#21 – The War Lovers

No nation could preserve its freedom in the midst of continual warfare.
James Madison

No healthy species would find continuous violence desirable but human beings seem to. One might think that only a fool would endeavor to make the case that people love war—we proceed. A number of articles have been written of late about the U.S. being in a state of continuous war with several of the authors contending that this will be our experience for the foreseeable future. All of our behaviors are either a conscious or an unconscious choice. Why are we so prone to choose the experience of continuous war?

A simple definition of war would be: a psychological state or period of hostility between individuals, tribes or nations with or without physical violence. I invite you to read essay # 20 with its link to the other. It would be worth your while in understanding the psychological foundations for the human propensity for violence. Why is it that we seem unable to avoid our self-destructive behaviors?

On November 10, 1865 Confederate Captain Henry Wirtz, who had been the commandant of Andersonville Prison in which 12,000 Union prisoners had died, was hanged, an innocent scapegoat for the “sins” of war. “Indeed, the sins were not really sins at all, but simply wrongs—grievous wrongs against humanity, done by people who had meant no harm to do no wrongs at all; wrongs done because of hasty action taken under immense pressure, growing out of human blundering and incompetence and the tangles of administrative red tape, with final responsibility traceable to the blinding passions born of a bewildering war.”  (1)  Clearly, one cause of ubiquitous war is out-of-control emotional reactions; ordinary human beings caught up in the ebb and flow of the tides of history beyond their understanding.

Unfortunately, the common psychological expression of reactive behavior has not been understood as a cause of war but the technology of advanced weaponry seemed to come naturally for our species. The end result was alarming but we Americans seemed unable to control the catastrophe when the two came together. “We weren’t winning wars anymore. They just went on and on, with inexplicable and deceptive aims and so many lives and limbs and trillions lost.”  (2)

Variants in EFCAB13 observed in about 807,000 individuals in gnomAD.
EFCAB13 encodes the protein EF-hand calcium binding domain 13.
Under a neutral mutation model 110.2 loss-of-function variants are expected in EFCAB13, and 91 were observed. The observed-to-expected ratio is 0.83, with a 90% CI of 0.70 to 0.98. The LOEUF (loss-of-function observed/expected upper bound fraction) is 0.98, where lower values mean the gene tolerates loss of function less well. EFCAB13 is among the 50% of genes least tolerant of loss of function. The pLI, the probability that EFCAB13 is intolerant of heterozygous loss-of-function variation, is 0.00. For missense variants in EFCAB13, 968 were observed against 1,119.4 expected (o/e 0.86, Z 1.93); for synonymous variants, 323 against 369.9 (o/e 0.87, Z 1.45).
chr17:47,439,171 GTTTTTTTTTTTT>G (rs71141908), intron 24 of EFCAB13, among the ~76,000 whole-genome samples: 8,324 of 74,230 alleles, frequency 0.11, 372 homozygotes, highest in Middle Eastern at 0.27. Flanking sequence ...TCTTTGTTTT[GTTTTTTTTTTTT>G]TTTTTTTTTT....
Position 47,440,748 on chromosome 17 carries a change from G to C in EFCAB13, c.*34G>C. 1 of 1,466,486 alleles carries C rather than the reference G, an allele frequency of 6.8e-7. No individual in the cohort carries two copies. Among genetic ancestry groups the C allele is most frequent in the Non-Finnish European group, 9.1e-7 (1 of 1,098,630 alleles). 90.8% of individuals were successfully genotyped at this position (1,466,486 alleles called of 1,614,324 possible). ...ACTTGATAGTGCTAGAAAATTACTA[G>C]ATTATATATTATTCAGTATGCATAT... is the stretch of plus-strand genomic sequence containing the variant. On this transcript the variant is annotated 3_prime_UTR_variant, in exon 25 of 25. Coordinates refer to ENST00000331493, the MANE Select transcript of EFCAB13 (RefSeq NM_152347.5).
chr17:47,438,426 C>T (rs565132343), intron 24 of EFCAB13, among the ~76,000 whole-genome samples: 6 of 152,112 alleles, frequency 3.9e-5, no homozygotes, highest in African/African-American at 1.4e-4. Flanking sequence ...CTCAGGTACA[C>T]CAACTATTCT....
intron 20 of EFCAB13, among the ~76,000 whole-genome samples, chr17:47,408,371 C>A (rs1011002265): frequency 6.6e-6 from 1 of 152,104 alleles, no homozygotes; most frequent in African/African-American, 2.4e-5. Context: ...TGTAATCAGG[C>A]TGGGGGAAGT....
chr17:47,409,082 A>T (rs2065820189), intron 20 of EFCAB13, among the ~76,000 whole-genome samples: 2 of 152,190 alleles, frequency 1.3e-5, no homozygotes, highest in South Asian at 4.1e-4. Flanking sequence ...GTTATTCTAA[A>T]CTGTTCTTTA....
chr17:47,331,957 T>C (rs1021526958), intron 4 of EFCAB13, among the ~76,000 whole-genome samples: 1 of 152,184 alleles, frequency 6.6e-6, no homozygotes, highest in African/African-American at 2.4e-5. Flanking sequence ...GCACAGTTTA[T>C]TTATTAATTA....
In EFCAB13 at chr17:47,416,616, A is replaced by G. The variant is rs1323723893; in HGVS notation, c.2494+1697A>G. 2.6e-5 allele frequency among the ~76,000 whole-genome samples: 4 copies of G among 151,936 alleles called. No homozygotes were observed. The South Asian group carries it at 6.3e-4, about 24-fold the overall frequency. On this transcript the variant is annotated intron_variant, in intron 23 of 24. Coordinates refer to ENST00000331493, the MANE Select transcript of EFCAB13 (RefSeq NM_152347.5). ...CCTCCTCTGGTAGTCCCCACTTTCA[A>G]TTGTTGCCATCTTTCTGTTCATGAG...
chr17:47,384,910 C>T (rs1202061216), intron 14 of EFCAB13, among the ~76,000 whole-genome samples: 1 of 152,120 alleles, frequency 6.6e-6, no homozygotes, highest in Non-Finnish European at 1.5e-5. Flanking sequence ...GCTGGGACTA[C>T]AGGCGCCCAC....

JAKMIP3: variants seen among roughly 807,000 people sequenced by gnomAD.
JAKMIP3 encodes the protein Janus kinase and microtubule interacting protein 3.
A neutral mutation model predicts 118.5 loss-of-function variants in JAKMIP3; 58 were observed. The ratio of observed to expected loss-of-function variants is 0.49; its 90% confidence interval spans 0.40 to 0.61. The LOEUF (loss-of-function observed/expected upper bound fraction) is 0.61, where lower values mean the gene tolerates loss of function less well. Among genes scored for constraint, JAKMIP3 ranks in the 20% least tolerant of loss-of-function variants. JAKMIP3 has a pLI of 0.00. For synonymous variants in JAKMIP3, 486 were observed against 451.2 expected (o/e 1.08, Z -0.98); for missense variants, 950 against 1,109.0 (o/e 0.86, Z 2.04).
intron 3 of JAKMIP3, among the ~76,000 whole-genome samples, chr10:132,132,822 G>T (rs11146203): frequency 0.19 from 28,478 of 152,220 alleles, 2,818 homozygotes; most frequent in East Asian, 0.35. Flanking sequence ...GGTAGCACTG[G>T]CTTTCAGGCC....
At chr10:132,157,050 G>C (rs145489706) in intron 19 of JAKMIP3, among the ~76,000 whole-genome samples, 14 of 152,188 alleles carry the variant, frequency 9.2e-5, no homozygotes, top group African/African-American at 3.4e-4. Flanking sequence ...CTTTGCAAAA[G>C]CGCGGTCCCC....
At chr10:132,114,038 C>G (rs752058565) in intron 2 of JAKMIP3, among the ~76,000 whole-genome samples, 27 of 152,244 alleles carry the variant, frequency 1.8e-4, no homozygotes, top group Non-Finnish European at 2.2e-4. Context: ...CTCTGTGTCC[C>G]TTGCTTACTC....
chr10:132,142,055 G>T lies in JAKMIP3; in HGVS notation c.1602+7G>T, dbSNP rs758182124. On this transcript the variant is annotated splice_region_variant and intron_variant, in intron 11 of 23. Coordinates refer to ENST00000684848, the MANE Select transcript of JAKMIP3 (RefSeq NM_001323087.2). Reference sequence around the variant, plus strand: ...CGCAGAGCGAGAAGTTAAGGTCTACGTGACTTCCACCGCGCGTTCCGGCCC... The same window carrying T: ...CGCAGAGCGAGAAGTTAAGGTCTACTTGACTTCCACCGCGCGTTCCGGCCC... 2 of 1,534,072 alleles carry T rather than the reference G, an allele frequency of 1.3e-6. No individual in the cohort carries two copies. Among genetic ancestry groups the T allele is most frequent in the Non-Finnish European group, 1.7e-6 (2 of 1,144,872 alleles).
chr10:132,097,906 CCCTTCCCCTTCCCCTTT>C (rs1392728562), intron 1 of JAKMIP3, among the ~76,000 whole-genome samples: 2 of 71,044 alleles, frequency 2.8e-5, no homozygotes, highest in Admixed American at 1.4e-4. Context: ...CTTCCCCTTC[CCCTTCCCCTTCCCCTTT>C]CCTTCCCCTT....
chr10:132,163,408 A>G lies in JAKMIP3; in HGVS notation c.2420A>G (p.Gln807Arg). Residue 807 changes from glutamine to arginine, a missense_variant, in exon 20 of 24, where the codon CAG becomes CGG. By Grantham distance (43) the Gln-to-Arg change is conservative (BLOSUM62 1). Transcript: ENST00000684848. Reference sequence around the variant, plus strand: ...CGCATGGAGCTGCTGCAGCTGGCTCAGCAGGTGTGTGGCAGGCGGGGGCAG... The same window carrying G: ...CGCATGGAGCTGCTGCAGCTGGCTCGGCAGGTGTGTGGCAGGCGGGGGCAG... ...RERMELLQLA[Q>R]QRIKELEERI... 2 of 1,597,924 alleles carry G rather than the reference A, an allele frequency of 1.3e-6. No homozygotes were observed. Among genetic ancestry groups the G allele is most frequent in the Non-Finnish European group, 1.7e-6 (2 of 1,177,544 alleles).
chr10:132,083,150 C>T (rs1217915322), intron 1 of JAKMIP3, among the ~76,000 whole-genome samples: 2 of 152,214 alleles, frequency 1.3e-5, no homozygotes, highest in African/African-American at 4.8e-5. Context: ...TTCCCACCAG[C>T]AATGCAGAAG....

Maybe war is getting out of control because the modern tools of war are too seductive and simple to create. Maybe war will soon reached a point where it is no longer a matter of choice. For example, Jeffrey Lewis, director of the East Asia Nonproliferation Program at the Middlebury Institute of International Studies at Monterey has begun to doubt whether it is currently possible to stop missile technology from spreading not from nation to nation but to terrorist groups. “The prospects for controlling proliferation of missiles are fading rapidly as the technology to build them becomes more prosaic.”  (3)

Does improved weapons technology provide another incentive to perpetuate mass violence? Mark Mazzetti made a chilling assessment of modern warfare in his book The Way of the Knife: The CIA, a Secret Army, and a War at the Ends of the Earth. “Forced to rethink the war on terror, officials saw that armed drones and targeted killings ‘offered a new direction,’ Mazzetti writes. They seemed ‘cleaner, less personal’ and ‘risk-free.’”  (4)

Columnist Maureen Dowd observed that armed drones were found seductive even to President Obama. “After two bloody, money-sucking, never-ending wars in Afghanistan and Iraq, the idea of a weapon for war that precluded having anyone actually go to war was too captivating. Our sophisticated, sleek, smart, detached president was ensorcelled by our sophisticated, sleek, smart detached war machine.”  (5)

Another behavior that supports continuous warfare is denial. Laurel Miller, a former State representative for Afghanistan/Pakistan exposed this delusional reaction. “I don’t think there is any analyst of the situation in Afghanistan who believes that the war is winnable.”  (6)  Many in the highest level of the Department of Defense, the State Department, Congress and the Executive Branch of the U.S. know the war is doomed and yet we keep fighting, killing and dying as if it’s not.

Another attractive aspect of war is its mythology. “The myth of war is enticing because it allows us to suspend our individual conscience. All becomes sacrificed for the greater glory.”    (7)   “We love war, says research psychologist Lawrence LeShan, author of The Psychology of War, and because we enjoy it, ‘it promises to fulfill some fundamental human need. It resolves a basic human tension, that is, it enables us to feel our individuality and to be a part of the group at the same time.’”  (7)